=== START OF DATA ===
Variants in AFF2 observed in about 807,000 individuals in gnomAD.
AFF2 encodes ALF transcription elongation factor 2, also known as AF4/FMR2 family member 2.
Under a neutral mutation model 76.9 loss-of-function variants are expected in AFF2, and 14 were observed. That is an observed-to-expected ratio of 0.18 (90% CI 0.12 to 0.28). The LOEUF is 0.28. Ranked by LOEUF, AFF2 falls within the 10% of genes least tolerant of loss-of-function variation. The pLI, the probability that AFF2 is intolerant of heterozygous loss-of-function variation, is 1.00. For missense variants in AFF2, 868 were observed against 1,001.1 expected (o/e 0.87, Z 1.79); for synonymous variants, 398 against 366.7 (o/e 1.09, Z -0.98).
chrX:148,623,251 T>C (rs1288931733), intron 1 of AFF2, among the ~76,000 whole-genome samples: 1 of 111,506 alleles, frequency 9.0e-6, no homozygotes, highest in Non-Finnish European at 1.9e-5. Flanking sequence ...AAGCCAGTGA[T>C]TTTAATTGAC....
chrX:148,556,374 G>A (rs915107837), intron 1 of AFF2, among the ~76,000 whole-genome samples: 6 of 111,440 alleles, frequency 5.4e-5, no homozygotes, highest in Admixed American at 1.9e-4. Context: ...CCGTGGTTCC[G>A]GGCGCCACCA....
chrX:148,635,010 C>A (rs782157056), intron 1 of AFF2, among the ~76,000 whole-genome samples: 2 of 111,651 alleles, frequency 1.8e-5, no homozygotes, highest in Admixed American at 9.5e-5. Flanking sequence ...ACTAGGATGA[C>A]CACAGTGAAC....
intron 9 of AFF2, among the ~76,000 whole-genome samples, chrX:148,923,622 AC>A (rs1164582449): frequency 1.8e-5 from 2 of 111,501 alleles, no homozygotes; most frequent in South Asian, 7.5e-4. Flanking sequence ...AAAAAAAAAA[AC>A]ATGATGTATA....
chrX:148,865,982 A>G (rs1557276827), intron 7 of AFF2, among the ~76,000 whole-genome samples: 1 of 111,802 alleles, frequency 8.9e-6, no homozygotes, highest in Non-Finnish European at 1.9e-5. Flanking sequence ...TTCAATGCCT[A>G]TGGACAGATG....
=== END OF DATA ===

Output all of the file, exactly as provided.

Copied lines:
Variants in AFF2 observed in about 807,000 individuals in gnomAD.
AFF2 encodes ALF transcription elongation factor 2, also known as AF4/FMR2 family member 2.
Under a neutral mutation model 76.9 loss-of-function variants are expected in AFF2, and 14 were observed. That is an observed-to-expected ratio of 0.18 (90% CI 0.12 to 0.28). The LOEUF is 0.28. Ranked by LOEUF, AFF2 falls within the 10% of genes least tolerant of loss-of-function variation. The pLI, the probability that AFF2 is intolerant of heterozygous loss-of-function variation, is 1.00. For missense variants in AFF2, 868 were observed against 1,001.1 expected (o/e 0.87, Z 1.79); for synonymous variants, 398 against 366.7 (o/e 1.09, Z -0.98).
chrX:148,623,251 T>C (rs1288931733), intron 1 of AFF2, among the ~76,000 whole-genome samples: 1 of 111,506 alleles, frequency 9.0e-6, no homozygotes, highest in Non-Finnish European at 1.9e-5. Flanking sequence ...AAGCCAGTGA[T>C]TTTAATTGAC....
chrX:148,556,374 G>A (rs915107837), intron 1 of AFF2, among the ~76,000 whole-genome samples: 6 of 111,440 alleles, frequency 5.4e-5, no homozygotes, highest in Admixed American at 1.9e-4. Context: ...CCGTGGTTCC[G>A]GGCGCCACCA....
chrX:148,635,010 C>A (rs782157056), intron 1 of AFF2, among the ~76,000 whole-genome samples: 2 of 111,651 alleles, frequency 1.8e-5, no homozygotes, highest in Admixed American at 9.5e-5. Flanking sequence ...ACTAGGATGA[C>A]CACAGTGAAC....
intron 9 of AFF2, among the ~76,000 whole-genome samples, chrX:148,923,622 AC>A (rs1164582449): frequency 1.8e-5 from 2 of 111,501 alleles, no homozygotes; most frequent in South Asian, 7.5e-4. Flanking sequence ...AAAAAAAAAA[AC>A]ATGATGTATA....
chrX:148,865,982 A>G (rs1557276827), intron 7 of AFF2, among the ~76,000 whole-genome samples: 1 of 111,802 alleles, frequency 8.9e-6, no homozygotes, highest in Non-Finnish European at 1.9e-5. Flanking sequence ...TTCAATGCCT[A>G]TGGACAGATG....